As the fifth book of the Torah begins, Devarim or Deuteronomy,
the reader is reminded of how Ancient Israels forty-year journey in the wilderness is coming to a close. The punishment for the previous generations having believed the bad report from the spies (cf. Numbers 14:33-35) is now over. Moses is in the waning days of his life, and he knows that he will not be able to enter into the Promised Land, because of his transgression at the waters of Meribah (Numbers 20:8-13), and also having been recently told that when the war with Midian is over, he will die (Numbers 31:1-2).
Recognizing that he has very little time remaining with Israel, Moses gathers the assembly together, and as leader repeats the events that have transpired to bring Israel out of Egypt to the very edge of the Promised Land. The Hebrew title for both our Torah portion and the entire book is Devarim or Words, although there are many Jewish traditions that refer to the fifth book of the Pentateuch as Mishneh Torah, meaning repetition of the Torah. In many respects, the Book of Deuteronomy is a repetition of much of what has been witnessed previously, repeating the Law that God has given Israel:
Across the Jordan in the land of Moab, Moses undertook to expound this law, saying... (Deuteronomy 1:5).
According to Rabbinical sources,  the Book of Deuteronomy records the last five weeks of Moses life as he encourages the Joshua generation to remember Gods instructions and His charge to them. Moses gives clarification to previously given commandments, and he prophesies concerning Israels future. In Devarim, Moses reviews various leadership responsibilities,  recalls the bad report of the ten spies,  and then describes the calamity of attempting to enter the Promised Land without the presence of the Lord.  Then, recollection of the travels around the lands given to Esau, Moab, and Ammon is considered, as well as the victories secured over peoples in Gilead and Bashan.  Moses reiterates details about how the tribes of Reuben, Gad, and Manasseh are going to occupy lands east of the Jordan.  Our reading for this week concludes with a word of encouragement given by Moses to Joshua, his successor:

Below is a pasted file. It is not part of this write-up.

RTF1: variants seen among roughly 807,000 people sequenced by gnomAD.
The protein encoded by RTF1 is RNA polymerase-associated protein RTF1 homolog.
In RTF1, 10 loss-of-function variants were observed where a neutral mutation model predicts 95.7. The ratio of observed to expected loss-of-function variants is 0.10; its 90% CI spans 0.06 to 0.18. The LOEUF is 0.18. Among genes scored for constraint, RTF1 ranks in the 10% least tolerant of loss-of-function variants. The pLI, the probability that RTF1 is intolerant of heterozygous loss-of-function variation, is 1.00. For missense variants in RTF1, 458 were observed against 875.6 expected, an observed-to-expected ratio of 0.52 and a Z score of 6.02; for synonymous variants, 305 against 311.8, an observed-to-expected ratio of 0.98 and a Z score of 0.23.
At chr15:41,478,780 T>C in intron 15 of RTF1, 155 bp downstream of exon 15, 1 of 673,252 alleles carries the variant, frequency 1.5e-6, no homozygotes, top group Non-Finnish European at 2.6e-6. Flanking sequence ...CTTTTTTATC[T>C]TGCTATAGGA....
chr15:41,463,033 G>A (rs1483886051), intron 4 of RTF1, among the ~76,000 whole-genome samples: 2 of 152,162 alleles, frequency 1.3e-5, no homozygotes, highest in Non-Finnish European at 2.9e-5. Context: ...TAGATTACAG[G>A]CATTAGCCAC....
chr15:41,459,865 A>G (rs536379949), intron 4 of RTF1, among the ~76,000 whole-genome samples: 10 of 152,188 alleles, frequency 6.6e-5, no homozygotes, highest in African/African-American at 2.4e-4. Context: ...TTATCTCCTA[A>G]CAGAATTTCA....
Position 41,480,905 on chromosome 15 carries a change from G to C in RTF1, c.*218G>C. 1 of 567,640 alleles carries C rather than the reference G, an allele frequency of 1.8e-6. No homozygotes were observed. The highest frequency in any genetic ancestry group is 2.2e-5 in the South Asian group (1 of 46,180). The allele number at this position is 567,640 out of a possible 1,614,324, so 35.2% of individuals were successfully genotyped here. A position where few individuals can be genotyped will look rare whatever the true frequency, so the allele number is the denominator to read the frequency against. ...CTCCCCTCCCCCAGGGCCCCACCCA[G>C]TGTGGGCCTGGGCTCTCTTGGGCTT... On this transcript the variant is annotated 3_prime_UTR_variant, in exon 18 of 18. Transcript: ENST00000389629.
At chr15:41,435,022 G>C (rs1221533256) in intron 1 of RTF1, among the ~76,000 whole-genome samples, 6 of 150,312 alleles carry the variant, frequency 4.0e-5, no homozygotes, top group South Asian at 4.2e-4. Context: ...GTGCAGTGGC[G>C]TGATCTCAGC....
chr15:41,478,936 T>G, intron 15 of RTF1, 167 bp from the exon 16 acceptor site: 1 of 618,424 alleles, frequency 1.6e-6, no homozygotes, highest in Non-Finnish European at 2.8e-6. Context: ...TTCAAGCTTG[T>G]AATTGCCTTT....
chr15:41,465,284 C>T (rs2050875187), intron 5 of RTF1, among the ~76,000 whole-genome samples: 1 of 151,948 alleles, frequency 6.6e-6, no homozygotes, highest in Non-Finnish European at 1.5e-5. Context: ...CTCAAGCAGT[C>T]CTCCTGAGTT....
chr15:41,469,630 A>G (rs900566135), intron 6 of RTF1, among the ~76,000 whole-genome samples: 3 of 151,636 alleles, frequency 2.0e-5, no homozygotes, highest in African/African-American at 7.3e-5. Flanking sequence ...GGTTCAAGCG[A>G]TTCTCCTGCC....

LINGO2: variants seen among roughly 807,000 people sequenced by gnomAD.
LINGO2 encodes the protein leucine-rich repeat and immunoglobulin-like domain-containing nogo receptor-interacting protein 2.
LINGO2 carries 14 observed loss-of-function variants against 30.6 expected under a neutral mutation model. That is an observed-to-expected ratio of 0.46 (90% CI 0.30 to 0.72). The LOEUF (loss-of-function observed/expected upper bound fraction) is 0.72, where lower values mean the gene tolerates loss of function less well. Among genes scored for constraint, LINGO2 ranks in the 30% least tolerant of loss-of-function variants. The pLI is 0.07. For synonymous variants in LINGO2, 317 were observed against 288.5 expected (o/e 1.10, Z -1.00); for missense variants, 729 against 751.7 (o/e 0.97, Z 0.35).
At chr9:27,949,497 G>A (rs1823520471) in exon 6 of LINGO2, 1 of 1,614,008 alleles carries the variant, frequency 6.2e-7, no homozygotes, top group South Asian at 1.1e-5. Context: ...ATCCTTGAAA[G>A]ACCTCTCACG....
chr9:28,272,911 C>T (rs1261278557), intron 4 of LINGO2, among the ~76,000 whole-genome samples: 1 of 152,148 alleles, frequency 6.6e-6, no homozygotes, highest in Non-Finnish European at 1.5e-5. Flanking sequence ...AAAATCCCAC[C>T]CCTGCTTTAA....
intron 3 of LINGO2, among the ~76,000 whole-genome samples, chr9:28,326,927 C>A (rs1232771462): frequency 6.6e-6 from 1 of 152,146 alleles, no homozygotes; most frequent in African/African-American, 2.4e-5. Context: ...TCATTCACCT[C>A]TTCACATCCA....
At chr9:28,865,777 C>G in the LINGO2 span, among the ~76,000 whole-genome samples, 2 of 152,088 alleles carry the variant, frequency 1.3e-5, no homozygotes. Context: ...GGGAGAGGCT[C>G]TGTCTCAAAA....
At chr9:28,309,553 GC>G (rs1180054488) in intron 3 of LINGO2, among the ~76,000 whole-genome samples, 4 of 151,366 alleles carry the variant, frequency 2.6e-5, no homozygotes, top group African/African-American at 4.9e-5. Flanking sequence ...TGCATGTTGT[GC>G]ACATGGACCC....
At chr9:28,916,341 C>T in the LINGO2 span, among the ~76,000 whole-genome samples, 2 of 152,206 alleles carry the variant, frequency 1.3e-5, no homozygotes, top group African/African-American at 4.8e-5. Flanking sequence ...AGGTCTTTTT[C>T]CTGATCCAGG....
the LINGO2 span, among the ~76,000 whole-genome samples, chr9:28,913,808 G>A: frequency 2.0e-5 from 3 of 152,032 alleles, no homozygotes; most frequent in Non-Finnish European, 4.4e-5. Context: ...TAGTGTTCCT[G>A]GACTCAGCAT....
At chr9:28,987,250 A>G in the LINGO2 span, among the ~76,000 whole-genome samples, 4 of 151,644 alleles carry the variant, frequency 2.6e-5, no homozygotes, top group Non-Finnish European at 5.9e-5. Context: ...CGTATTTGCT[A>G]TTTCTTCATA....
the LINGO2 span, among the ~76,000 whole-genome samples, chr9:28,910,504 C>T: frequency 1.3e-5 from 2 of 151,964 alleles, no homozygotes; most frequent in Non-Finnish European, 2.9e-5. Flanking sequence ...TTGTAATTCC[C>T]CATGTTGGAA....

I commanded Joshua at that time, saying, Your eyes have seen all that the LORD your God has done to these two kings; so the LORD shall do to all the kingdoms into which you are about to cross. Do not fear them, for the LORD your God is the one fighting for you (Deuteronomy 3:21-22).
Timing is Everything
In many respects, Moses orations witnessed in the Book of Deuteronomy are a summary review of the previous forty-year journey through the wilderness, allowing the people to consider where they have beenbut most importantly where they are going. Moses knows how Israel has a propensity to disobey the Lord, and so a review of Israels history is necessary so that the consequences of previous disobedience will not have to be repeated. God knows that His people need to spend some time remembering and reflecting upon their history. How does the saying go? Those who do not learn from history are doomed to repeat it!